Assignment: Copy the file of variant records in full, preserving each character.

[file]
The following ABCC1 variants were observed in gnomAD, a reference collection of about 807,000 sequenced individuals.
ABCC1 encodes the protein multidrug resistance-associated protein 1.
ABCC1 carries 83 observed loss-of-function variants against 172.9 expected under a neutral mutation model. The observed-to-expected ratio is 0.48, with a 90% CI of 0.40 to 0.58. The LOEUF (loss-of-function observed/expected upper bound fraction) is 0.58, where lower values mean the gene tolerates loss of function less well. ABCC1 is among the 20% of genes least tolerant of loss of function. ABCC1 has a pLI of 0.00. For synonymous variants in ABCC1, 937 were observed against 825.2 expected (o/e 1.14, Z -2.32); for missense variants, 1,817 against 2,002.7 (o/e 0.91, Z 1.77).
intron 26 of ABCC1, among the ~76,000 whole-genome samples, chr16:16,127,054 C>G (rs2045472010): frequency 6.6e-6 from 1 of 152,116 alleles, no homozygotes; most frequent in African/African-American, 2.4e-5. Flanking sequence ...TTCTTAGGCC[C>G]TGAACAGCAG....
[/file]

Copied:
The following ABCC1 variants were observed in gnomAD, a reference collection of about 807,000 sequenced individuals.
ABCC1 encodes the protein multidrug resistance-associated protein 1.
ABCC1 carries 83 observed loss-of-function variants against 172.9 expected under a neutral mutation model. The observed-to-expected ratio is 0.48, with a 90% CI of 0.40 to 0.58. The LOEUF (loss-of-function observed/expected upper bound fraction) is 0.58, where lower values mean the gene tolerates loss of function less well. ABCC1 is among the 20% of genes least tolerant of loss of function. ABCC1 has a pLI of 0.00. For synonymous variants in ABCC1, 937 were observed against 825.2 expected (o/e 1.14, Z -2.32); for missense variants, 1,817 against 2,002.7 (o/e 0.91, Z 1.77).
intron 26 of ABCC1, among the ~76,000 whole-genome samples, chr16:16,127,054 C>G (rs2045472010): frequency 6.6e-6 from 1 of 152,116 alleles, no homozygotes; most frequent in African/African-American, 2.4e-5. Flanking sequence ...TTCTTAGGCC[C>G]TGAACAGCAG....